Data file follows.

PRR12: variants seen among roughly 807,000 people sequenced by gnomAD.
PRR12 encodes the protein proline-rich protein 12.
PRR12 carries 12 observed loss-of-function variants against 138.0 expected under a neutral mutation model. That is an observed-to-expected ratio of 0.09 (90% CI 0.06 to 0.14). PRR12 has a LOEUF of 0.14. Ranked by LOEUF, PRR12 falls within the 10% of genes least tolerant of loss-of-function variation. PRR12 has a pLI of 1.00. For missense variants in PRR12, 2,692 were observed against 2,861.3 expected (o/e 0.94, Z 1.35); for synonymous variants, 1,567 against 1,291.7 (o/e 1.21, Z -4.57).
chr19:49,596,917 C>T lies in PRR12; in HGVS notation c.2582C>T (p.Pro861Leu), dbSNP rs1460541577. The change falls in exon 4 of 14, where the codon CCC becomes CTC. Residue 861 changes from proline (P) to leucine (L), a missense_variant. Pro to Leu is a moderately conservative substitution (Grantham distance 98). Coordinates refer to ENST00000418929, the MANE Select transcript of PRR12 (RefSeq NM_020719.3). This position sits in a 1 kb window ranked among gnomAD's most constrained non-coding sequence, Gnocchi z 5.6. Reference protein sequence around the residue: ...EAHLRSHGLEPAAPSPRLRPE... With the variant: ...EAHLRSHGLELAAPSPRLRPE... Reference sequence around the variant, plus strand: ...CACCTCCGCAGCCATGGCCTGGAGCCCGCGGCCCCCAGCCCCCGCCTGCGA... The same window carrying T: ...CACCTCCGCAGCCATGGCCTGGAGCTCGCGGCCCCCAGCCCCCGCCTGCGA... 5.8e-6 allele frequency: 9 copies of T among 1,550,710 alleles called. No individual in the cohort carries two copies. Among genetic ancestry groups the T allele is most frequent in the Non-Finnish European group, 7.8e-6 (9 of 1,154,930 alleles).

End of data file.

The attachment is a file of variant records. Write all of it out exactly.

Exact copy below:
PRR12: variants seen among roughly 807,000 people sequenced by gnomAD.
PRR12 encodes the protein proline-rich protein 12.
PRR12 carries 12 observed loss-of-function variants against 138.0 expected under a neutral mutation model. That is an observed-to-expected ratio of 0.09 (90% CI 0.06 to 0.14). PRR12 has a LOEUF of 0.14. Ranked by LOEUF, PRR12 falls within the 10% of genes least tolerant of loss-of-function variation. PRR12 has a pLI of 1.00. For missense variants in PRR12, 2,692 were observed against 2,861.3 expected (o/e 0.94, Z 1.35); for synonymous variants, 1,567 against 1,291.7 (o/e 1.21, Z -4.57).
chr19:49,596,917 C>T lies in PRR12; in HGVS notation c.2582C>T (p.Pro861Leu), dbSNP rs1460541577. The change falls in exon 4 of 14, where the codon CCC becomes CTC. Residue 861 changes from proline (P) to leucine (L), a missense_variant. Pro to Leu is a moderately conservative substitution (Grantham distance 98). Coordinates refer to ENST00000418929, the MANE Select transcript of PRR12 (RefSeq NM_020719.3). This position sits in a 1 kb window ranked among gnomAD's most constrained non-coding sequence, Gnocchi z 5.6. Reference protein sequence around the residue: ...EAHLRSHGLEPAAPSPRLRPE... With the variant: ...EAHLRSHGLELAAPSPRLRPE... Reference sequence around the variant, plus strand: ...CACCTCCGCAGCCATGGCCTGGAGCCCGCGGCCCCCAGCCCCCGCCTGCGA... The same window carrying T: ...CACCTCCGCAGCCATGGCCTGGAGCTCGCGGCCCCCAGCCCCCGCCTGCGA... 5.8e-6 allele frequency: 9 copies of T among 1,550,710 alleles called. No individual in the cohort carries two copies. Among genetic ancestry groups the T allele is most frequent in the Non-Finnish European group, 7.8e-6 (9 of 1,154,930 alleles).